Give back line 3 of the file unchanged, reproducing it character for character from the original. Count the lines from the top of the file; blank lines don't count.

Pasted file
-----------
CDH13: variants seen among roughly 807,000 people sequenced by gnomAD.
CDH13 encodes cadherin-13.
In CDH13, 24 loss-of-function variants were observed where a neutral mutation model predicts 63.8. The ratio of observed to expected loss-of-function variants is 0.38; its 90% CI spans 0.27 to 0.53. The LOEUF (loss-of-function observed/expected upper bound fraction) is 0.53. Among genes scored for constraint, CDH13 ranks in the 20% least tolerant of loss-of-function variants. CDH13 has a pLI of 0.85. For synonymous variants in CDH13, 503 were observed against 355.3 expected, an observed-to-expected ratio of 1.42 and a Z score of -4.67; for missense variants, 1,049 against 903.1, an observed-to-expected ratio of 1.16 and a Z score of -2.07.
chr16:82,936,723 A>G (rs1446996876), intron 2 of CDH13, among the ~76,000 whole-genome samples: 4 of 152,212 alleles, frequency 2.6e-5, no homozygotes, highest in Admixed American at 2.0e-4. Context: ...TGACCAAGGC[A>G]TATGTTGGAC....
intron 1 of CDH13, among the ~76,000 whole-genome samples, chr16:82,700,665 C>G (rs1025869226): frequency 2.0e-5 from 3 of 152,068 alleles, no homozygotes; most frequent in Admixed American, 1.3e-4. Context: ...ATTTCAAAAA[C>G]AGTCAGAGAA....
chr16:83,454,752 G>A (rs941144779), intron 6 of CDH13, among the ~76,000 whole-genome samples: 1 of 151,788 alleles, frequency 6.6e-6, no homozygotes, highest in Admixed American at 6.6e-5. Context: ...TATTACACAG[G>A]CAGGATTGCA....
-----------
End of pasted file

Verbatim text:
In CDH13, 24 loss-of-function variants were observed where a neutral mutation model predicts 63.8. The ratio of observed to expected loss-of-function variants is 0.38; its 90% CI spans 0.27 to 0.53. The LOEUF (loss-of-function observed/expected upper bound fraction) is 0.53. Among genes scored for constraint, CDH13 ranks in the 20% least tolerant of loss-of-function variants. CDH13 has a pLI of 0.85. For synonymous variants in CDH13, 503 were observed against 355.3 expected, an observed-to-expected ratio of 1.42 and a Z score of -4.67; for missense variants, 1,049 against 903.1, an observed-to-expected ratio of 1.16 and a Z score of -2.07.